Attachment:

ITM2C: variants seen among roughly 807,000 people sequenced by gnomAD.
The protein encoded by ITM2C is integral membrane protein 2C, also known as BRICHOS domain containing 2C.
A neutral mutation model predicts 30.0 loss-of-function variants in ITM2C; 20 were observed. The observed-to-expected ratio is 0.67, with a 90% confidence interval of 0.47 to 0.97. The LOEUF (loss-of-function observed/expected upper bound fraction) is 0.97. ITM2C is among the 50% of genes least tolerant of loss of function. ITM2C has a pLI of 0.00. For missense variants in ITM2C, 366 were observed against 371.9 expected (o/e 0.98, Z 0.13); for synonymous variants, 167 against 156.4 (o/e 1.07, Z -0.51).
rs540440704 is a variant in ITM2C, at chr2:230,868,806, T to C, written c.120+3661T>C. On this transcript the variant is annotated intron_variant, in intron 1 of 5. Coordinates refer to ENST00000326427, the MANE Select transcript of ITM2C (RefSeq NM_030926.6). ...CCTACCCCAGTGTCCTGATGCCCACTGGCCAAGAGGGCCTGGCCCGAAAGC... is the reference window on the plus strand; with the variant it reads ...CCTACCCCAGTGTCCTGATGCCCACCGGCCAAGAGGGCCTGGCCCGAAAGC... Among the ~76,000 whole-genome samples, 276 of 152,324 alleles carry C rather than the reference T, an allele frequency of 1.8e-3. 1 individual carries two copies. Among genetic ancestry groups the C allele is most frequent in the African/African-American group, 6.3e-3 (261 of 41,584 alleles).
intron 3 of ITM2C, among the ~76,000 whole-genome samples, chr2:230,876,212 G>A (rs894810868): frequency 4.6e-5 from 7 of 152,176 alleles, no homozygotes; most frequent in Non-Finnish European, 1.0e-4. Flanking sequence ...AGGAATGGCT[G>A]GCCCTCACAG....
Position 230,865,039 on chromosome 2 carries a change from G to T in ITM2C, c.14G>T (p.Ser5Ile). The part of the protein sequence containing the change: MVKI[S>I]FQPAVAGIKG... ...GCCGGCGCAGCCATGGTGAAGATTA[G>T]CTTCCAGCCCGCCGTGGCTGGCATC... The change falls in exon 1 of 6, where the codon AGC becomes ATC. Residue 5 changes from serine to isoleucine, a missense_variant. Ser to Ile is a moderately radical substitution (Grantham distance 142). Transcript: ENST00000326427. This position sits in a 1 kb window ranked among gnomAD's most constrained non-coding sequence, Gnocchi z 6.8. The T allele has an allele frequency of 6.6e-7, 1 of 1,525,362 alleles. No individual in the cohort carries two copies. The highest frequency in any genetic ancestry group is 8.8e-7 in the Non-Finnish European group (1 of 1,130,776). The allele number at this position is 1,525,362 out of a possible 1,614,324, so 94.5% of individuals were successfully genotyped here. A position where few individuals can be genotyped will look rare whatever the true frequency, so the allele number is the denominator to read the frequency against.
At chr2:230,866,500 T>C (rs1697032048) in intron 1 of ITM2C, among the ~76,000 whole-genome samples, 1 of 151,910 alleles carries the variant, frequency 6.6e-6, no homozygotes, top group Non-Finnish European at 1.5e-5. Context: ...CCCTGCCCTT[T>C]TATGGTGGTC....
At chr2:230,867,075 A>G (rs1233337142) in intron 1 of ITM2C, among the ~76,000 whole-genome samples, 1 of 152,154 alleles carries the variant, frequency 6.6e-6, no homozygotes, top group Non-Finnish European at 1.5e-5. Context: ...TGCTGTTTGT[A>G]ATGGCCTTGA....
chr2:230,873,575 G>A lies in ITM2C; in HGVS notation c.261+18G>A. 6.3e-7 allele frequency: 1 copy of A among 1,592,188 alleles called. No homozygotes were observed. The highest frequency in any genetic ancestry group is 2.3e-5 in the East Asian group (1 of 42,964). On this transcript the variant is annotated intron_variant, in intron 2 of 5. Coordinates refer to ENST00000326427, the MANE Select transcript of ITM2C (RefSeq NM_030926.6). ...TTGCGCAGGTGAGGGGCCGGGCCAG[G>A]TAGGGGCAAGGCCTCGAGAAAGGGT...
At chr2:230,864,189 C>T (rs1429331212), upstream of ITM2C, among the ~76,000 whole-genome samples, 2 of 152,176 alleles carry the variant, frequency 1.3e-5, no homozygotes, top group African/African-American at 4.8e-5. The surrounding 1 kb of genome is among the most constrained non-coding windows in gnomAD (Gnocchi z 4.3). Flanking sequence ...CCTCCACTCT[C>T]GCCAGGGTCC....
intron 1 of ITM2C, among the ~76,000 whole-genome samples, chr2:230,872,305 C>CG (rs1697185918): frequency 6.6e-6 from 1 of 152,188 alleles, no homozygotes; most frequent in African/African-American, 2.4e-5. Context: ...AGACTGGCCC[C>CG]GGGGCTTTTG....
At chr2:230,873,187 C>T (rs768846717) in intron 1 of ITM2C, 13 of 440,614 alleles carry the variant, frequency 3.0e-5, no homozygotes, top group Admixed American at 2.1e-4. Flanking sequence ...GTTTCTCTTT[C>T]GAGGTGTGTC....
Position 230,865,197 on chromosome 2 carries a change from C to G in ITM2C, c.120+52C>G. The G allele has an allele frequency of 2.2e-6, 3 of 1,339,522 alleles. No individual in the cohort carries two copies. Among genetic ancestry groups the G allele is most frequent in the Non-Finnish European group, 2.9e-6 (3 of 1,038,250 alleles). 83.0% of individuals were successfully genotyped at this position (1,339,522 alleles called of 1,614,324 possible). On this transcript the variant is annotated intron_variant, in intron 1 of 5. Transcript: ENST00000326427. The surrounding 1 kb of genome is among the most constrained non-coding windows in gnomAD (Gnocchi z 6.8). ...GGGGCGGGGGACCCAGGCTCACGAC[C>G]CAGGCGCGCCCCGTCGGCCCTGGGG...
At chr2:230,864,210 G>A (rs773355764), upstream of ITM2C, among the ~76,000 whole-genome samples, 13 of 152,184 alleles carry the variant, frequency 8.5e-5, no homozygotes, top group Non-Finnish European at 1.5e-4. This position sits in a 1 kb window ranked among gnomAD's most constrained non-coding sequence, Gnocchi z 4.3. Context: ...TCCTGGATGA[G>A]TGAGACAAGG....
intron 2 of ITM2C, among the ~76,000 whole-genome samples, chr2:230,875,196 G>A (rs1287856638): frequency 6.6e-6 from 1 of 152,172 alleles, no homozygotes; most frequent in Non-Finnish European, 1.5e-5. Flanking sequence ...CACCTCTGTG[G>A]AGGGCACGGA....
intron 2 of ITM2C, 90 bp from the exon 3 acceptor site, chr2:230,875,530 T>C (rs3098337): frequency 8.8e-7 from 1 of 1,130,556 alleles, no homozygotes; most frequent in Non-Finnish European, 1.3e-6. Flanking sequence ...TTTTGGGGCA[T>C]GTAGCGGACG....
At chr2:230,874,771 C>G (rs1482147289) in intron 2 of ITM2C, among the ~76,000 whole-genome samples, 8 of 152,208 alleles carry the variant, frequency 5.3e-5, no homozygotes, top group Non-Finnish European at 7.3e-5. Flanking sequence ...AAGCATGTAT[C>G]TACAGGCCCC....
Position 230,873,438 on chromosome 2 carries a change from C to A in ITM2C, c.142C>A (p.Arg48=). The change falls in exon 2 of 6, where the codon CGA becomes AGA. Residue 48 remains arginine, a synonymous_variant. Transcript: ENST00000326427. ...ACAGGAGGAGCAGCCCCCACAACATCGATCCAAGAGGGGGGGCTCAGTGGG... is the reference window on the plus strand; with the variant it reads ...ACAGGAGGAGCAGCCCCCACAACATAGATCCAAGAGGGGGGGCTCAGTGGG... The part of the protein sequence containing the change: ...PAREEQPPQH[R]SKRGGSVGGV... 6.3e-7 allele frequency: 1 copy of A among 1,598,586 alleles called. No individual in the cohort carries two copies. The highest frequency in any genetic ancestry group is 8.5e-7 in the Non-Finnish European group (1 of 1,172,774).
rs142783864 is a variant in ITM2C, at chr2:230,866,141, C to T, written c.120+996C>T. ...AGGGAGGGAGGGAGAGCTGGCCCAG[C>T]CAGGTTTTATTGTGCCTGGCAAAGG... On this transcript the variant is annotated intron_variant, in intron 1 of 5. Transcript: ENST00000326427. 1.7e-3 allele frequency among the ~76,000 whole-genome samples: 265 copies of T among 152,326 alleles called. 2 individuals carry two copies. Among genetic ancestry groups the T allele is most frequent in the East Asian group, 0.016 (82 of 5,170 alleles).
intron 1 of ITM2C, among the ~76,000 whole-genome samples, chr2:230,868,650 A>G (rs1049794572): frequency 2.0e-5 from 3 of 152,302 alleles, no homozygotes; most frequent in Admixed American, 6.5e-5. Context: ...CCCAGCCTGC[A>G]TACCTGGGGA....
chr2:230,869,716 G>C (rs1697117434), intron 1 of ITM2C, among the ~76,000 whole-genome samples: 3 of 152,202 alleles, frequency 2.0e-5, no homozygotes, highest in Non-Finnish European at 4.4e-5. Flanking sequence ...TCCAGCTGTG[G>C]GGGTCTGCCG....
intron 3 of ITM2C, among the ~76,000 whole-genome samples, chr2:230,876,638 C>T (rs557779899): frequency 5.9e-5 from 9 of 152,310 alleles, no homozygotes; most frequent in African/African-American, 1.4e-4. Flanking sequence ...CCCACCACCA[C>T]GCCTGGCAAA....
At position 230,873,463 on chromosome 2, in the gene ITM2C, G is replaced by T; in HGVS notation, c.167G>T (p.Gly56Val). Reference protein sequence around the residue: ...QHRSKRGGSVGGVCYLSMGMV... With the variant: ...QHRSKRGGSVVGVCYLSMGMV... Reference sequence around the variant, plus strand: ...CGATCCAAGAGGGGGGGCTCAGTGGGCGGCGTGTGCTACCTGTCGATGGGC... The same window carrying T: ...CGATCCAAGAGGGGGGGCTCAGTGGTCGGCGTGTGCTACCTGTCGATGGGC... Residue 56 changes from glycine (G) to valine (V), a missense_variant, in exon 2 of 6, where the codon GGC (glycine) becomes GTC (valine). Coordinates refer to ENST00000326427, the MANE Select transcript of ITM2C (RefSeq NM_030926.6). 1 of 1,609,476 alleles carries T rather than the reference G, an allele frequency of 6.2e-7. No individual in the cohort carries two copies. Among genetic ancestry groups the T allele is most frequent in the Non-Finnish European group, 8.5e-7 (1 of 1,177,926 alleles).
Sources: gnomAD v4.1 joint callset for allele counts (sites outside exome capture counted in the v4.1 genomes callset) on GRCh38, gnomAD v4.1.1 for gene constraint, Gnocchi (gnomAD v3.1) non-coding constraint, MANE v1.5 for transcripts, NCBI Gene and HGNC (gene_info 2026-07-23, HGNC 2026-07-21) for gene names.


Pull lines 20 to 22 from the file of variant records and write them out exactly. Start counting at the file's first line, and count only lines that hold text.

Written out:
intron 1 of ITM2C, among the ~76,000 whole-genome samples, chr2:230,868,650 A>G (rs1049794572): frequency 2.0e-5 from 3 of 152,302 alleles, no homozygotes; most frequent in Admixed American, 6.5e-5. Context: ...CCCAGCCTGC[A>G]TACCTGGGGA....
chr2:230,869,716 G>C (rs1697117434), intron 1 of ITM2C, among the ~76,000 whole-genome samples: 3 of 152,202 alleles, frequency 2.0e-5, no homozygotes, highest in Non-Finnish European at 4.4e-5. Flanking sequence ...TCCAGCTGTG[G>C]GGGTCTGCCG....
intron 3 of ITM2C, among the ~76,000 whole-genome samples, chr2:230,876,638 C>T (rs557779899): frequency 5.9e-5 from 9 of 152,310 alleles, no homozygotes; most frequent in African/African-American, 1.4e-4. Flanking sequence ...CCCACCACCA[C>T]GCCTGGCAAA....